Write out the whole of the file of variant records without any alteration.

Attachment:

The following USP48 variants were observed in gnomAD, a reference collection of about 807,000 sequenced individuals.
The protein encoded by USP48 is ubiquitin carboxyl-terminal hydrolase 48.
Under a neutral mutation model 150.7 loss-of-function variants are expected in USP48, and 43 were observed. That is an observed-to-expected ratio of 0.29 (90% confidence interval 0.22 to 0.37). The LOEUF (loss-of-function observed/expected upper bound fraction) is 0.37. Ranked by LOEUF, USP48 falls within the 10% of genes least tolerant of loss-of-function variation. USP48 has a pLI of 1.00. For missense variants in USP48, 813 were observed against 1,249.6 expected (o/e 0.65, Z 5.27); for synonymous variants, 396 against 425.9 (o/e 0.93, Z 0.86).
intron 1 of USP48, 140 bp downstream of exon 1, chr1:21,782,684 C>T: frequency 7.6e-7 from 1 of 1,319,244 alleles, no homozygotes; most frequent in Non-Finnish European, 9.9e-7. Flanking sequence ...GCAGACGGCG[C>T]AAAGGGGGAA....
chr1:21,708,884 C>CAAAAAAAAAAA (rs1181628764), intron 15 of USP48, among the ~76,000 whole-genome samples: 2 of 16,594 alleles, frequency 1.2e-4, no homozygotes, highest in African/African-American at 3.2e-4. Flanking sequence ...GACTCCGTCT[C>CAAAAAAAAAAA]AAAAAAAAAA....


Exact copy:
The following USP48 variants were observed in gnomAD, a reference collection of about 807,000 sequenced individuals.
The protein encoded by USP48 is ubiquitin carboxyl-terminal hydrolase 48.
Under a neutral mutation model 150.7 loss-of-function variants are expected in USP48, and 43 were observed. That is an observed-to-expected ratio of 0.29 (90% confidence interval 0.22 to 0.37). The LOEUF (loss-of-function observed/expected upper bound fraction) is 0.37. Ranked by LOEUF, USP48 falls within the 10% of genes least tolerant of loss-of-function variation. USP48 has a pLI of 1.00. For missense variants in USP48, 813 were observed against 1,249.6 expected (o/e 0.65, Z 5.27); for synonymous variants, 396 against 425.9 (o/e 0.93, Z 0.86).
intron 1 of USP48, 140 bp downstream of exon 1, chr1:21,782,684 C>T: frequency 7.6e-7 from 1 of 1,319,244 alleles, no homozygotes; most frequent in Non-Finnish European, 9.9e-7. Flanking sequence ...GCAGACGGCG[C>T]AAAGGGGGAA....
chr1:21,708,884 C>CAAAAAAAAAAA (rs1181628764), intron 15 of USP48, among the ~76,000 whole-genome samples: 2 of 16,594 alleles, frequency 1.2e-4, no homozygotes, highest in African/African-American at 3.2e-4. Flanking sequence ...GACTCCGTCT[C>CAAAAAAAAAAA]AAAAAAAAAA....